September 11, 2014
The wait for Apple’s new iPhone is finally over, and it seems like they prepared to battle a few startups in the industry for users. Ok, maybe I’m exaggerating, but their latest announcement showed that the iPhone 6 has new capabilities previously offered by third-party apps. From the looks of it, the new iPhone comes with many improvements for user experience. That also means Apple is looking to deepen the service value of the smartphone, something Samsung has been trying to do. Samsung, however, has also added more devices (the Gear and Gear Fit in particular). Apple seems to be rallying the market back towards the iPhone.
But what does that mean for startups that have launched applications and devices with functions similar to iPhone 6’s new capabilities? Will these startups be killed by Apple?
Apple announced it will maintain the 8 megapixel resolution of the 5S but it will use a new sensor with even larger pixels than before. It will also use digital image stabilization and dual-LED flash. Apps like Camera Awesome and SmugMug are examples of third-party apps that have focused on stabilization and better quality photos.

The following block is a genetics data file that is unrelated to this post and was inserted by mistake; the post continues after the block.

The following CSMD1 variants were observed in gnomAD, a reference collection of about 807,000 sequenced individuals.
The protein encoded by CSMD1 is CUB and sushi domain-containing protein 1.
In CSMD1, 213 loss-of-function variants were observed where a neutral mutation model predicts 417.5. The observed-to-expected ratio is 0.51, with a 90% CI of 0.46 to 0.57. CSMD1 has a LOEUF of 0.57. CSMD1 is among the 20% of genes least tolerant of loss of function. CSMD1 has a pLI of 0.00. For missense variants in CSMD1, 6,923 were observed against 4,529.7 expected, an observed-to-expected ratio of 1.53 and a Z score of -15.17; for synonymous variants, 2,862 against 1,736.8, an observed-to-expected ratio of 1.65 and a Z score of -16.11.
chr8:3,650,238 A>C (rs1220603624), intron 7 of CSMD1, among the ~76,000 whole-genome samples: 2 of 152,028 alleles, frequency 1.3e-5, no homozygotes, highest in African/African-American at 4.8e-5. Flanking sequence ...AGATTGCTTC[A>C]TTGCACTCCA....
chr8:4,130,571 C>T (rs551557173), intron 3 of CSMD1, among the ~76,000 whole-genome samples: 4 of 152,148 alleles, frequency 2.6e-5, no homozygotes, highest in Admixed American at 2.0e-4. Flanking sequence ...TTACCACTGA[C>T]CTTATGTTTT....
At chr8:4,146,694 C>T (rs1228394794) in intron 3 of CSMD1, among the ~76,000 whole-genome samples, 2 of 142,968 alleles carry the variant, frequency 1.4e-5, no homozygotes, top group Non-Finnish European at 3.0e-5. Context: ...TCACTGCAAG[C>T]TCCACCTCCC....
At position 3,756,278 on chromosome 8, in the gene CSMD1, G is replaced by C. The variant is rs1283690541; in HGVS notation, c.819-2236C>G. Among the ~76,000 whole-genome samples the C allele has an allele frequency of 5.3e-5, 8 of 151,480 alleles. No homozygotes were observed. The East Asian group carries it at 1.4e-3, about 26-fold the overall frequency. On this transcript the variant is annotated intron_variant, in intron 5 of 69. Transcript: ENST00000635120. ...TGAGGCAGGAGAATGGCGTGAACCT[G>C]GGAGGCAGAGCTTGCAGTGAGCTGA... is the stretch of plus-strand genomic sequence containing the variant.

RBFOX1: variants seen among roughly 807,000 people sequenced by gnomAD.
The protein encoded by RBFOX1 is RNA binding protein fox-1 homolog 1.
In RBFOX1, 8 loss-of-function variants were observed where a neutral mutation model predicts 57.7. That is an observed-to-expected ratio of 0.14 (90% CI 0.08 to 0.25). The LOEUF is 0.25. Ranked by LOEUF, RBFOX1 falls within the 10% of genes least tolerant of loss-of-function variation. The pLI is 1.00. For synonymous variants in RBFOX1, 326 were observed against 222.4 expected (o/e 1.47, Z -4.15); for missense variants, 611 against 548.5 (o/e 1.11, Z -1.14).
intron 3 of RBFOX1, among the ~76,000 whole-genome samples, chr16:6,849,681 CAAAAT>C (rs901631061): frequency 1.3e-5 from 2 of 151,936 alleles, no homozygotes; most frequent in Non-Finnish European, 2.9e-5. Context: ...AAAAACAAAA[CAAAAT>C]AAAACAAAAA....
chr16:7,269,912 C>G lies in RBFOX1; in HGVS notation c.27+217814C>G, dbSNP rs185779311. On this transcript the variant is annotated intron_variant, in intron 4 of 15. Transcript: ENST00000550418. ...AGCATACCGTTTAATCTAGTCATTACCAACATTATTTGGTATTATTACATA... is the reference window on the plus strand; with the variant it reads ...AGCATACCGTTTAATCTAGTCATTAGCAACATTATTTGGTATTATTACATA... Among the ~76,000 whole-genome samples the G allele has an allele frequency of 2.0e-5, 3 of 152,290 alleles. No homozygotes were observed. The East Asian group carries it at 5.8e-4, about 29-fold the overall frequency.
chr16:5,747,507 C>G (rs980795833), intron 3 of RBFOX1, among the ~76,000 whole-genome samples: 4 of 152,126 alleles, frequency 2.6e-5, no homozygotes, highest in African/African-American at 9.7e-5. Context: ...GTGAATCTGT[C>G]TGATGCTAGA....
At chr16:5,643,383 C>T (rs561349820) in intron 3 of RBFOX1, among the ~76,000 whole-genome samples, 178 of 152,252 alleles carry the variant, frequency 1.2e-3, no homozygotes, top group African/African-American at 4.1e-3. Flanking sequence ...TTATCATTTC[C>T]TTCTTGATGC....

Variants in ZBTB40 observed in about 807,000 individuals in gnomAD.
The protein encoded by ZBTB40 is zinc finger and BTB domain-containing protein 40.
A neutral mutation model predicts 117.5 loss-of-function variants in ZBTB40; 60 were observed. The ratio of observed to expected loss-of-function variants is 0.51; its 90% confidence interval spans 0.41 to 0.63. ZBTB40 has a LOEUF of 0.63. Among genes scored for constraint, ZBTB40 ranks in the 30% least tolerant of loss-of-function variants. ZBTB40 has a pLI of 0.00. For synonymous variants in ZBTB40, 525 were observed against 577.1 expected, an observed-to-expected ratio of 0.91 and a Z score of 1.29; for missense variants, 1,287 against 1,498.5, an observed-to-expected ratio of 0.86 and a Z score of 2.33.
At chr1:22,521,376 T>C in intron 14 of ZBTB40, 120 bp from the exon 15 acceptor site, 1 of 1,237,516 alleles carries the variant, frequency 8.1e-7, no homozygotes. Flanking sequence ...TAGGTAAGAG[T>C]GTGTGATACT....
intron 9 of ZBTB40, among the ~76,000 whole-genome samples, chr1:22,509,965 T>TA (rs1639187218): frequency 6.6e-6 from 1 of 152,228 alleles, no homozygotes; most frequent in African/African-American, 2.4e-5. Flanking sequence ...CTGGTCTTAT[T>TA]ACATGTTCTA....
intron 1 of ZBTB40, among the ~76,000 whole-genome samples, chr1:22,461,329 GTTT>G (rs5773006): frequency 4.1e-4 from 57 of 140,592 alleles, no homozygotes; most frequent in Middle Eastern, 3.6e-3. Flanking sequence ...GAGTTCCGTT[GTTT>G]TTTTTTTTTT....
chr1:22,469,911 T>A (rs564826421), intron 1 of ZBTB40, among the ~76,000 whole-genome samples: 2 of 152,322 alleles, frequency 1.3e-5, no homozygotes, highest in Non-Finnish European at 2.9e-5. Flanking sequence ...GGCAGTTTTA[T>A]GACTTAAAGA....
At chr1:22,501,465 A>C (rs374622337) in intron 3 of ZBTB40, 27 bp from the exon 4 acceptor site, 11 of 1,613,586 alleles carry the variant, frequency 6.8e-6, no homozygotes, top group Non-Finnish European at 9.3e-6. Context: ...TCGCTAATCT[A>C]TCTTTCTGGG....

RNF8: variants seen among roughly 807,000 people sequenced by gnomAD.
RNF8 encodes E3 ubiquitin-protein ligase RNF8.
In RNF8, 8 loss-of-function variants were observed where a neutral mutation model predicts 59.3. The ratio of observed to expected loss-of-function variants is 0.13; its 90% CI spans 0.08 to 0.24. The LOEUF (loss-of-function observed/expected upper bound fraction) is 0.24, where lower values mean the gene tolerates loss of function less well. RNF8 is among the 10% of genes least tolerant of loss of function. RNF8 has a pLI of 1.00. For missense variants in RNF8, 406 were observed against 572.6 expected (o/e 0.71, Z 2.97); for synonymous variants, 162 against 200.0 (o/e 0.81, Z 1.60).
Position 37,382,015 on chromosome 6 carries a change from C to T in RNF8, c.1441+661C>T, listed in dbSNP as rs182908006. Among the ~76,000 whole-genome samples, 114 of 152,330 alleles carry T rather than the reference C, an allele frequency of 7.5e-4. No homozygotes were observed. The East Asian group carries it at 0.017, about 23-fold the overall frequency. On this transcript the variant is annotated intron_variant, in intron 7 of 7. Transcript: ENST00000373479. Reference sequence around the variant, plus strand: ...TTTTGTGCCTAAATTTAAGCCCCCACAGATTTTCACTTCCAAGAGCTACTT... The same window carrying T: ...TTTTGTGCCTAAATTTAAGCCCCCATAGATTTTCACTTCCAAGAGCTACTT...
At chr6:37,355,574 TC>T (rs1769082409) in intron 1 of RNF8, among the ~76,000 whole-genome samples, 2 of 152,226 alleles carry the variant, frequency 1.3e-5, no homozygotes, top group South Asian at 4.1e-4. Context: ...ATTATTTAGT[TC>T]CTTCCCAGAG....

Apple Pay Mobile Payment
Apple announced that they will offer mobile payment service. They integrated an NFC chip in the top of the device to offer payments at supported credit card terminals. Purchases are authenticated through the iPhone 6’s TouchID sensor to store sensitive credit card data. Although this won’t be available until next month, companies like Paypal, Square and LevelUp will have a giant join the competition in the mobile payment arena.
A New HealthKit
Apple’s HealthKit’s software enables other health and fitness apps to share and integrate their data in one platform. The app is also integrated into the new Apple Watch and could potentially monitor everything from the user’s heart rate to his or her chronic conditions. Third-party apps like Fitbit, Nike+ and Withings Scale are the major products in this vertical at the moment. Although Apple will allow these apps at first, will they knock the others off the health-app stage as they move into this market?
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